The curving staircase within the hotel replicates the Le Bon Marché in Paris. Its antique concrete and iron elevator was the first of its material to be established in Mexico City.
Stop in for a breathtaking look at the Gran Hotel, an arresting venue that is completely rewarding in its awe-inspiring interior designs.
A museum in Mexico City, Anahuacalli, was designed by renowned painter Diego Rivera. Situated in the San Pablo de Tepetlapa neighborhood, Anahuacalli translates to “house around water” from Nahuatl.
Made of volcanic stone, the museum’s purpose of its construction was to preserve and protect Rivera’s collection of pre-Hispanic art. It also houses one of Rivera’s studios. One such work is the study Man at the Crossroads. Commissioned by the Rockefeller Center, the mural was later destroyed by the center in 1934. Rivera later reproduced this piece in the Palacio de Bellas Artes.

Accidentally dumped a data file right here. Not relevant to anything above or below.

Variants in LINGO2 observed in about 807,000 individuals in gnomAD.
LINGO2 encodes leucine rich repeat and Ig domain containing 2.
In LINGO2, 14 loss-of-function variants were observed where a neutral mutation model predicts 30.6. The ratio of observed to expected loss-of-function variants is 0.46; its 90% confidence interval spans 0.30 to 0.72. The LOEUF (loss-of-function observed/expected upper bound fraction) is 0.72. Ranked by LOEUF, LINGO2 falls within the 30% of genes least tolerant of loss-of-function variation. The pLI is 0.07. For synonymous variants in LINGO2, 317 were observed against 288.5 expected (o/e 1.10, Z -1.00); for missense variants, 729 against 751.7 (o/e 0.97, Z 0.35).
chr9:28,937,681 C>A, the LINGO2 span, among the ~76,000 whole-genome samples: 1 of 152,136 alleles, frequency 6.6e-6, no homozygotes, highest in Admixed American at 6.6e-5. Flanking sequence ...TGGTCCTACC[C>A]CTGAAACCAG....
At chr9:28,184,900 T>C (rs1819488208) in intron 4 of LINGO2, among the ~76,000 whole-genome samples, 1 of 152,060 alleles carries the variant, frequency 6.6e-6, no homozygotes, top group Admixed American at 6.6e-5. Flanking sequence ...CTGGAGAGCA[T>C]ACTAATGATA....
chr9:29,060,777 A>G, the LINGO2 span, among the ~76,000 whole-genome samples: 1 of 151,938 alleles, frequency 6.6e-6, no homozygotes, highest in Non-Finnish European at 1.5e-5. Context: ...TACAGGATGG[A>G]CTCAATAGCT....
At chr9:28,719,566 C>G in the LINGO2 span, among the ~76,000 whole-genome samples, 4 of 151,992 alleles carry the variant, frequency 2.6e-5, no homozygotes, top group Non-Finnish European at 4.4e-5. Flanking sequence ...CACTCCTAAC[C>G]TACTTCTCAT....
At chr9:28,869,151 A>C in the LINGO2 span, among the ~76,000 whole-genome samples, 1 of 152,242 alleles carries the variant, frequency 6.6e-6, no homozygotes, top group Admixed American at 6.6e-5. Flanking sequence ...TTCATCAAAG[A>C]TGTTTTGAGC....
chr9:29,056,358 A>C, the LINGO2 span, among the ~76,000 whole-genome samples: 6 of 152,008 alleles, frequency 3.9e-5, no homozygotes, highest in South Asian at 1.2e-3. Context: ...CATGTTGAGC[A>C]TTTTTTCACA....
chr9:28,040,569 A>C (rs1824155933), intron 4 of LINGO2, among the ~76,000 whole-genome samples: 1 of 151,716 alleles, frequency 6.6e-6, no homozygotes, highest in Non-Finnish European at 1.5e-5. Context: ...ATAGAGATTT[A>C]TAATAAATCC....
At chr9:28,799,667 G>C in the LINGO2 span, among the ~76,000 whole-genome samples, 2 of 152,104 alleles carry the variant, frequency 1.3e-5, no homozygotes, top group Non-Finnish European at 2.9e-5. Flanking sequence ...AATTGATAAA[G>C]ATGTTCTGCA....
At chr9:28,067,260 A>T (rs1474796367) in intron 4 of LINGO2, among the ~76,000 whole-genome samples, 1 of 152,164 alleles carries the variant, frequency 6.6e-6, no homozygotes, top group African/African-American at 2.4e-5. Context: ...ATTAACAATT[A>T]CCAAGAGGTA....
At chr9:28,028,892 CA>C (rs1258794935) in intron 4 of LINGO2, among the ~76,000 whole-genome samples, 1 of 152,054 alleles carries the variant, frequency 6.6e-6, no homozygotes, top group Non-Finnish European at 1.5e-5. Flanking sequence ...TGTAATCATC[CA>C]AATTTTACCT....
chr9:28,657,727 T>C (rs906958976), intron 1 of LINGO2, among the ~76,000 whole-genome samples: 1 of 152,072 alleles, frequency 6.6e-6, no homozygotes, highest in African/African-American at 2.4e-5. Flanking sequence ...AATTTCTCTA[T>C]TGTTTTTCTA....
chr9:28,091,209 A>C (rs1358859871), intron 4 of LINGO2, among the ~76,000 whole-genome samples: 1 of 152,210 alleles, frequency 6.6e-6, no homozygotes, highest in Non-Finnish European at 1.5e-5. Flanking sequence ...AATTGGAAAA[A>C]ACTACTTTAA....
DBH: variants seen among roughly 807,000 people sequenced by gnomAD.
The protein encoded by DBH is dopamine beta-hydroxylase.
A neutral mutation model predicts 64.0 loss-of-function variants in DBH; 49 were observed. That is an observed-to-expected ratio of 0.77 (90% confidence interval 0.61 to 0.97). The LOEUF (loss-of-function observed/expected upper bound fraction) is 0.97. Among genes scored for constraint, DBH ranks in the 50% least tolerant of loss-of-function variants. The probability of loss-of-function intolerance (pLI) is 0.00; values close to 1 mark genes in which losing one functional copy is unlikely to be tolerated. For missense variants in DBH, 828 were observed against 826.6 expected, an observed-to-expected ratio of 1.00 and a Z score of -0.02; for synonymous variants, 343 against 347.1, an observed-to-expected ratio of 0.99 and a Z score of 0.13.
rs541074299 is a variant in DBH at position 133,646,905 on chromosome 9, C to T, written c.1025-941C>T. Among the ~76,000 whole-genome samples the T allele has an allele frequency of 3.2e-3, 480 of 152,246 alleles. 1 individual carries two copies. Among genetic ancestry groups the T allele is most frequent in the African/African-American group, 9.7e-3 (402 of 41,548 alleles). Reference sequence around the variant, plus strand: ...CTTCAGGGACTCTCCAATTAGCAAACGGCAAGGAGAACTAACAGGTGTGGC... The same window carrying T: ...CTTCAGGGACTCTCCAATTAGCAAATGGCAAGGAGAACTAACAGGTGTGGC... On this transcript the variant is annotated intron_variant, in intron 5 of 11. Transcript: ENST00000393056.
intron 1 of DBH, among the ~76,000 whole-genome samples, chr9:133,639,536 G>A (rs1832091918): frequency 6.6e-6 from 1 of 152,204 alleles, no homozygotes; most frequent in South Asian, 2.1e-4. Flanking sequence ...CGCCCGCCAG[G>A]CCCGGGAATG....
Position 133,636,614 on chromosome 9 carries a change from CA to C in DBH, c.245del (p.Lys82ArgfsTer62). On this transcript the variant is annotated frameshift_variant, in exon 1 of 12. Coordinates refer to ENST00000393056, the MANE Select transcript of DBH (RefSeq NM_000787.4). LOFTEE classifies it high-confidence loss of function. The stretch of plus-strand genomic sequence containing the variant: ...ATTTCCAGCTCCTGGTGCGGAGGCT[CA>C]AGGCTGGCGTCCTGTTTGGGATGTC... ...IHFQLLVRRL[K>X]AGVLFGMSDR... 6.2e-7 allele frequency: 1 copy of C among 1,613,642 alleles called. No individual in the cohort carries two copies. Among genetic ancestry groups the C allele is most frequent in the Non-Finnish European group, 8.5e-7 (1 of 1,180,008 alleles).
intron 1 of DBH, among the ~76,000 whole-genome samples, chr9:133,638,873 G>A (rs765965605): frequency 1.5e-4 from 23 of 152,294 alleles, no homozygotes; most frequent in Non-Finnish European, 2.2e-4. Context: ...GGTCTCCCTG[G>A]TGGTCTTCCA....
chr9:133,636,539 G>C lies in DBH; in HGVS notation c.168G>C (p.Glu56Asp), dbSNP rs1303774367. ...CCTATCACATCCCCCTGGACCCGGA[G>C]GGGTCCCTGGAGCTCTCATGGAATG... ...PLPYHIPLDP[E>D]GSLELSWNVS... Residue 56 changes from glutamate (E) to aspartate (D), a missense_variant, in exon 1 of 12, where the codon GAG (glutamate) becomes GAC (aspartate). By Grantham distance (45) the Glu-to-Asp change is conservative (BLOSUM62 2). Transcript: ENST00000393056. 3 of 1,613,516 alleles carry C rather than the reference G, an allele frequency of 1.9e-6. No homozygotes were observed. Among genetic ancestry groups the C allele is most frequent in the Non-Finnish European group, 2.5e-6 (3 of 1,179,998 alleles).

The main collection at Anahuacalli is one that immediately catches the eye. Two thousand statues represent different cultures, including Nahuas, Toltecs, and Olmecs. The museum rotates exhibitions for a more modern addition, ranging from sculptures to paintings.
21. Museo Casa De Leon Trotsky
The Museo Casa De Leon Trotsky, which translates to the Leon Trotsky House Museum, can be found in the neighborhood of Coyoacan. The museum’s official name is Instituto del Derecho de Asilo – Museo Casa de Leon Trotsky.
In honor of Leon Trotsky, the organization promotes political asylum. It is set in the home of Leon Trotsky, a revolutionary who struggled for power against Stalin in the Soviet Union and was expelled in 1929. Trotsky sought refuge in Mexico, going so far as to live in Frida Kahlo’s Blue House with Frida and Rivera.